Amy Brill's written the kind of novel you are going to find yourself giving to friends because you want to discuss it with them. A Pushcart Prize nominee, she's been awarded fellowships by the Edward Albee Foundation, The Millay Colony, the Constance Saltonstall Foundation, and more. A broadcast journalist, she's received a George Foster Peabody Award for writing MTV's The Social History of HIV, and she's researched, wrote, or produced many projects for the network's pro-social initiatives. I loved her novel and I'm deliriously happy to have her here. Thank you, Amy!
You said you were inspired by Maria Mitchell, the first female astronomer in America. The book is also set in 1845 Quaker Nantucket and involves whaling. All of these facts absolutely mesmerize me. What was your research like and what took you by surprise?
Well, since I picked a time, place, subject(s), religion, and occupation(s) about which I knew absolutely nothing (note to aspiring novelists: do as I say, not as I did), the more I learned, the more I felt I needed to learn. The research was sometimes a trap, especially because it was my first book. I more or less gave myself a PhD in mid 19th century maritime New England women’s studies, while conveniently avoiding the real work of writing a novel.
The biggest surprise, research-wise, turned out to be essential to the story. When I asked a librarian at the Mitchell archive on Nantucket for journals and letters written when the astronomer was a young woman, she said there were none: Maria Mitchell burned her own papers and diaries in her fireplace during the “Great Fire” of 1846. A third of Nantucket Town burned that night, and people’s private papers were being blown around, so she destroyed hers. I think I just stood there and stared at her, speechless, my writer-brain firing on two fronts. Firstly: Great Fire. What more do I need to say about that? That turned into one of my favorite scenes in the book to write, and one of the most challenging. Secondly: What was she hiding? In that moment, the character of Isaac, and thus the novel that became The Movement of Stars, was born.
So much of The Movement of Stars is about what we will do for what we love, even when the world seems against us. Could you talk about that a bit?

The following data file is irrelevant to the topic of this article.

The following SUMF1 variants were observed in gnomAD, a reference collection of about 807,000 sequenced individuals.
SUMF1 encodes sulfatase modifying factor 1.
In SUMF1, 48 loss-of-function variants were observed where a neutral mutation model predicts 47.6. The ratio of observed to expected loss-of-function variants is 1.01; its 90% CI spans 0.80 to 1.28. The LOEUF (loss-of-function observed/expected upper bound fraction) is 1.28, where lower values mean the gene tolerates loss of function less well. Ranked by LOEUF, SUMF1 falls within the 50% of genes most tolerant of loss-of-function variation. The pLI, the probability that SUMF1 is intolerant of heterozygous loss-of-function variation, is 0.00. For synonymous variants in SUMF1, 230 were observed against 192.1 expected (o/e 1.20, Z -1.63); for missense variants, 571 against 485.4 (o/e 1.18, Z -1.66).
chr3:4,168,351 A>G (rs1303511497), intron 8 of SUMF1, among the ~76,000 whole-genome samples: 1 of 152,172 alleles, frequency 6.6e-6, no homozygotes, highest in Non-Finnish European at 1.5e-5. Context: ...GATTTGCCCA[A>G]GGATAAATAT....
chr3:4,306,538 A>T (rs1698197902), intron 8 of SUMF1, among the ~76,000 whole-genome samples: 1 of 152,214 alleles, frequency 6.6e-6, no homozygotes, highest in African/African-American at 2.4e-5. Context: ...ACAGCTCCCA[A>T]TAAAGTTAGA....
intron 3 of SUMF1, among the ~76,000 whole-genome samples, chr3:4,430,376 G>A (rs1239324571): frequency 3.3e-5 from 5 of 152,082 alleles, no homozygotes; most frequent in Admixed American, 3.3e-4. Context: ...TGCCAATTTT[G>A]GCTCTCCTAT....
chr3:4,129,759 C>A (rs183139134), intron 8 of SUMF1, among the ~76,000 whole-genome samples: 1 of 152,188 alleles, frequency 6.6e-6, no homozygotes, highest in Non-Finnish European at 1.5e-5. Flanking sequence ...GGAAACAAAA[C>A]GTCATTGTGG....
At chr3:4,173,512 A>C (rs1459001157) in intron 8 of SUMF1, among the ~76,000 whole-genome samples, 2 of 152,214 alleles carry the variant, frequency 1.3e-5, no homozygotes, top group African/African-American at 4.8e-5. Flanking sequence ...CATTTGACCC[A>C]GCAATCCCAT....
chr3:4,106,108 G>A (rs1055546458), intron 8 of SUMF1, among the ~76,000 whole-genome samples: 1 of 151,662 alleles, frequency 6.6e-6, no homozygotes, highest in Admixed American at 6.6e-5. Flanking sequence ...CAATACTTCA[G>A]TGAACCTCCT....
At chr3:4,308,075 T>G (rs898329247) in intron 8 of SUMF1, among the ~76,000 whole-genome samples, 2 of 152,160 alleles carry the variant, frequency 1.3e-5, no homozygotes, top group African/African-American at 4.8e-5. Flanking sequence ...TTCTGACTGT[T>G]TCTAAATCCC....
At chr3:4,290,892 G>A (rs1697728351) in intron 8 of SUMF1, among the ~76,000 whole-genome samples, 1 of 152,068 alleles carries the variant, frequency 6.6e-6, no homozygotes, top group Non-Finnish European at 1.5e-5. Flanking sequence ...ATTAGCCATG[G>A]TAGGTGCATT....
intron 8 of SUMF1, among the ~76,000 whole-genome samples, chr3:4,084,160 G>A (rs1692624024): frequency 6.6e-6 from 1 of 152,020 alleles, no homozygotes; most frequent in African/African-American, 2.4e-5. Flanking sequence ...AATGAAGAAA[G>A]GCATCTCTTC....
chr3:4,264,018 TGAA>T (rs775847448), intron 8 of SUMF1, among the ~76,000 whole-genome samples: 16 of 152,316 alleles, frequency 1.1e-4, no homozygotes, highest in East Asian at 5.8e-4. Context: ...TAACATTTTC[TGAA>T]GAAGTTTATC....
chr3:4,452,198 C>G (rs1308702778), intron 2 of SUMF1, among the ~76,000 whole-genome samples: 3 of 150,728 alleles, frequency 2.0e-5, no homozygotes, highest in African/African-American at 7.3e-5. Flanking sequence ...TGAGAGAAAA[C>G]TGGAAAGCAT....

What’s love got to do, got to do with it? I’ll tackle anything that channels Tina Turner. Following one’s passion almost always requires some kind of sacrifice, be it leisure time, or family time, or the pursuit of other endeavors, or of other people, or of money, or of fame—unless fame is your passion, in which case it is statistically likely that you’re wasting your time. Anyway... Hannah sacrifices almost everything in pursuit of her comet, but she is deaf to the music of her heart. She takes a slow road to self-awareness, and since it took me 15 years to finish the book, I took that journey along with her. And by slow road, I don’t mean sluggish, I mean glacial. When I began the book I was single, in my twenties, and searching for both love and my writing voice. When I finished I was married, over forty, and the mother of two very young daughters. I understood her journey quite differently by then. The twin engine of love is discipline. Especially when it comes to surmounting obstacles, be they political, creative, intellectual, or even emotional. You have to carry on, push forward, keep working. Love alone is not enough. I think Hannah taught me that.
I'm always fascinated by process, so can you tell me about yours? Do you map your novels out or go by inspiration?
Oh, I’ve tried everything; mapping, outlining, postcards, winging it. Inspiration is wonderful, but it’s only a leaping off place, an essential spark. After that it’s a hard slog through the swamp. A little bit of structure does go a long way toward getting me started, though; if I know, say, where a story is going, or what happens in part one, part two, part three, that really helps me get off page one and go forward, which is really the only direction you can go if you hope to finish a novel.
This is your debut, but I read that you first came upon the home of Mitchell 15 years ago, which sparked the idea for the book. Can you talk about how that idea crystallized into the novel?
I first learned about “Miss Mitchell” on a day trip to Nantucket in 1996 (see: glacial pace, above.). I loved the idea of a young woman, a teenager really, up on her roof, searching the sky night after night for something that would change her life. Plus an isolated island, a rigid religious community, whaleships, a country expanding yet divided... what a story! I convinced myself I had to hew unswervingly to the facts of her life, to get it “right”—but in doing so I hamstrung my story. I only realized it when Iberia lost my whole backpack of research, in 2006. (I’m still waiting for the reparation money they promised and never delivered.) After a long break from the novel during which I licked my wounds and whined, I reread what I’d written and realized that I wasn’t telling the story I wanted to tell, which was inspired by Maria Mitchell but not about her. When I started again, I was writing The Movement of Stars.
What's obsessing you now and why?
I’m really into writing short stories again, which feels like a post-novel restorative of sorts. But I’m already turning over a couple of new ideas for longer investigation that I can’t seem to let go of. I’m squirrely like that. I turn an idea over and over and store it in my tree or my cheek or my heart until I’m ready to dig in.
What question didn't I ask that I should have?
If you were stranded on a desert island and could only have one chocolate bar, what bar would it be? I’d have to say that it’s a close contest between Mast Brothers Maine Sea Salt and Equal Exchange Organic Dark Chocolate with Almonds. Can’t have the sweet without the savory.